Commentary on Monxa Mala: Part Two – Survival

Posted on Posted in Films, Maleficarum II - Monxa Mala

A Commentary on Monxa Mala: Part Two

by Rich Moreland, July 2019

In this installment of Monxa Mala, we’ll offer our analysis of the story. We’re getting literary here so to fully appreciate the visual impact of this drama, purchase the film from Vermeerworks.

Photos are courtesy of Pachamama/Decadent Films and Jac Avila.

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Survival

Each woman in Maleficarum II: Monxa Mala is adept at self-preservation. Martina and Justa do it through silence. Barbara and Lucrecia use their sexuality. Both women identify with their abuser and become Enforcers to avoid the painful end of the whip.

Julia wants to please and coincidentally relishes her punishments meted out by the Father. Essentially, she’s a cultist who symbolizes the faithful sheep (worshipers) who never question. However, her allegiance also has a darker side. Julia is symbolic of both parties in the age-old struggle between the Church and the forces of Satan because she’s willing to dance with the Father, however he is disguised.

Leticia is an independent spirit and the Father is determined to crush her individuality, vowing to “expel those demons that mortify you.” Shackled and awaiting her chastisement, Leticia endures his sanctimonious judgment of her “transgressions” . . . reckless, conceited, proud, arrogant, defiant, unruly . . . just for a start.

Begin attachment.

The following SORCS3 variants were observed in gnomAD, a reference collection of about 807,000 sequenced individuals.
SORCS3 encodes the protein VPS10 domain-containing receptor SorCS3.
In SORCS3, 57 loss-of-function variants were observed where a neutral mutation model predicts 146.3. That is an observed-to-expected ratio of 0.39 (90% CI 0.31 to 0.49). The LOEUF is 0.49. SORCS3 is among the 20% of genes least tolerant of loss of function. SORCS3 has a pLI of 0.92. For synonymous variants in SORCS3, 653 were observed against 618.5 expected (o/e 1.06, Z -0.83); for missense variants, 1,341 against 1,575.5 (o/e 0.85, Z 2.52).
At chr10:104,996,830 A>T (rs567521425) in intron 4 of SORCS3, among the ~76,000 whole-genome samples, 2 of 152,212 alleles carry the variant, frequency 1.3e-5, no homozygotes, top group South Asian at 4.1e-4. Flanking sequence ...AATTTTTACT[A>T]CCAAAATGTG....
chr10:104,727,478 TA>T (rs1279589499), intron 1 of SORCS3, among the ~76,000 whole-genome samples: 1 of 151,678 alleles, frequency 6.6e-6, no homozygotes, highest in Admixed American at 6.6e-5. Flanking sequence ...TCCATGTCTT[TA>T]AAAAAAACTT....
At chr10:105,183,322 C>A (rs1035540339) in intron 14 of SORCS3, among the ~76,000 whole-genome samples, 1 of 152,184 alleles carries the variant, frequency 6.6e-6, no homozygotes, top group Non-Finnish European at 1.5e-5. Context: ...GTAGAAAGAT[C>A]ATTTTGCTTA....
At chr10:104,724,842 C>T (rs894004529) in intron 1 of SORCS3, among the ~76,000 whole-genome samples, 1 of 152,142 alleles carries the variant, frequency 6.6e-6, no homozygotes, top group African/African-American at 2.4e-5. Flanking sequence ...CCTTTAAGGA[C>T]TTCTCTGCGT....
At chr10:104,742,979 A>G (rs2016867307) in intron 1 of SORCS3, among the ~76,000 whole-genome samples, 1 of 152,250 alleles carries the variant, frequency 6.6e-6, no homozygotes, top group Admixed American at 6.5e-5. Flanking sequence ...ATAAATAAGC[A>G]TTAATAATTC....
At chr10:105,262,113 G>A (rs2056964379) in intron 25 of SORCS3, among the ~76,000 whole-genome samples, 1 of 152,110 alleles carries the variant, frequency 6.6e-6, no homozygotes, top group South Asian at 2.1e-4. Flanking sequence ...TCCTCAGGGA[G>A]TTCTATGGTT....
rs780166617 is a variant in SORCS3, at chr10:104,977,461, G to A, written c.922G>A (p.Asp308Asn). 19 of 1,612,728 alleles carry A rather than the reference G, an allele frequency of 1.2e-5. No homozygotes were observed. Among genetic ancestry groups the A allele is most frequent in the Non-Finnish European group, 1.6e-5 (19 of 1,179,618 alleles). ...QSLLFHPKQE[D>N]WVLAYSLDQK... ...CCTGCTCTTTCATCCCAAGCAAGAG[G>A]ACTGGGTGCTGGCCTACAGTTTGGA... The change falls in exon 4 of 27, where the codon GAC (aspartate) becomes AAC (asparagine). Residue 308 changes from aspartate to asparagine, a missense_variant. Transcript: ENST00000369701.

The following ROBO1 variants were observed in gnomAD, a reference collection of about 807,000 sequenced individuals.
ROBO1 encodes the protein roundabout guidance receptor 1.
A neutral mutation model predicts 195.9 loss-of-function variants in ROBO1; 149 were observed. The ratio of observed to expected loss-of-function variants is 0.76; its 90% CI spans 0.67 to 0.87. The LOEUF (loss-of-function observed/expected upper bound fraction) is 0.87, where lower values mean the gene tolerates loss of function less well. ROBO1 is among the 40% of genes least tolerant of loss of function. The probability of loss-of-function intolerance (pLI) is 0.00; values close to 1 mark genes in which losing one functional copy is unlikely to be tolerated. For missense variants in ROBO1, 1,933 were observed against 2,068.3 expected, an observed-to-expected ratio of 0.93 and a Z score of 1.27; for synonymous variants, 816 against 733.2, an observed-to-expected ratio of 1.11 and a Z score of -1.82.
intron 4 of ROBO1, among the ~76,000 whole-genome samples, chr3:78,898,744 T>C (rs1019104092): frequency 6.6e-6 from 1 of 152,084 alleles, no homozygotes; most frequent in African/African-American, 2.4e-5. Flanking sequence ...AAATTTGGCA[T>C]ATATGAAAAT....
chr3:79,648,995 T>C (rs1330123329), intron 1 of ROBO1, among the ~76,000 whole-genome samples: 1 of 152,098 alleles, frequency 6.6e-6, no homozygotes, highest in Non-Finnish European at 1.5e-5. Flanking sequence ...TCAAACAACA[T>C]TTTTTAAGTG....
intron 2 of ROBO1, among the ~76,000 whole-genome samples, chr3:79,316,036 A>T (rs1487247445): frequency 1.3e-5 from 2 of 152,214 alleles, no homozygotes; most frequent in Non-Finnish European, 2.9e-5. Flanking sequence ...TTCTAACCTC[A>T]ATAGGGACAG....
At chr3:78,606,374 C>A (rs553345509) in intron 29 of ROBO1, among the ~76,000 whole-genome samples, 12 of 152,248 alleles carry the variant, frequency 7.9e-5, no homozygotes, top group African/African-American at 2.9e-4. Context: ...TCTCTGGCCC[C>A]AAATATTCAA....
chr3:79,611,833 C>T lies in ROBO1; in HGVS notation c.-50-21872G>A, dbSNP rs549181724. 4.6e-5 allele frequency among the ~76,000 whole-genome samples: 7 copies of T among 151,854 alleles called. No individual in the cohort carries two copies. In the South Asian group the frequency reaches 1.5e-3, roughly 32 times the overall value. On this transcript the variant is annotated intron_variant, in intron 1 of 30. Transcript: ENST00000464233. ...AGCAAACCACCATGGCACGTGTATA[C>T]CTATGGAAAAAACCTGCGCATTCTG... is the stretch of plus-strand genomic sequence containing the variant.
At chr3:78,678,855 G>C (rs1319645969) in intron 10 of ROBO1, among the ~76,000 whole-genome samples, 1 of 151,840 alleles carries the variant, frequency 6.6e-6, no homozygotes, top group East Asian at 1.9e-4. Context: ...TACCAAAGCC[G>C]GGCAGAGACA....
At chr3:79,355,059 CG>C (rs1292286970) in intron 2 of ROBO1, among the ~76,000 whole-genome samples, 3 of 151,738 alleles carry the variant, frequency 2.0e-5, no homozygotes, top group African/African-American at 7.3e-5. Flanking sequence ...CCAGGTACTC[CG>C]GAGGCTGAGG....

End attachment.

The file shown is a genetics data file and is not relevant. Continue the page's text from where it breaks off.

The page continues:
As Leticia grimaces under the lash wielded by Lucrecia, the Father calmly tells her, “You are Eve. God’s sentence hangs over all your sex.”

It’s an age-old, time-worn accusation. If left to their own designs, women will disgrace and dishonor the Church. Their curse is the sexual urges they arouse in men, an intolerable situation that calls for action. The best way to stamp out carnal desire, according to the Father’s logic, is to act on it first and then delight in its destruction. In other words, discipline the messenger before disposing of her in a righteous way.

“The cross is a noble punishment,” the Father declares.

The Father sees women as pawns. As God’s representative, he is unsullied, giving him free rein to debase the novices for his personal gratification before justifiably torturing them. We see that with Barbara’s “problem.” It’s taken care of on the rack after she whispers that she might be carrying something of his.

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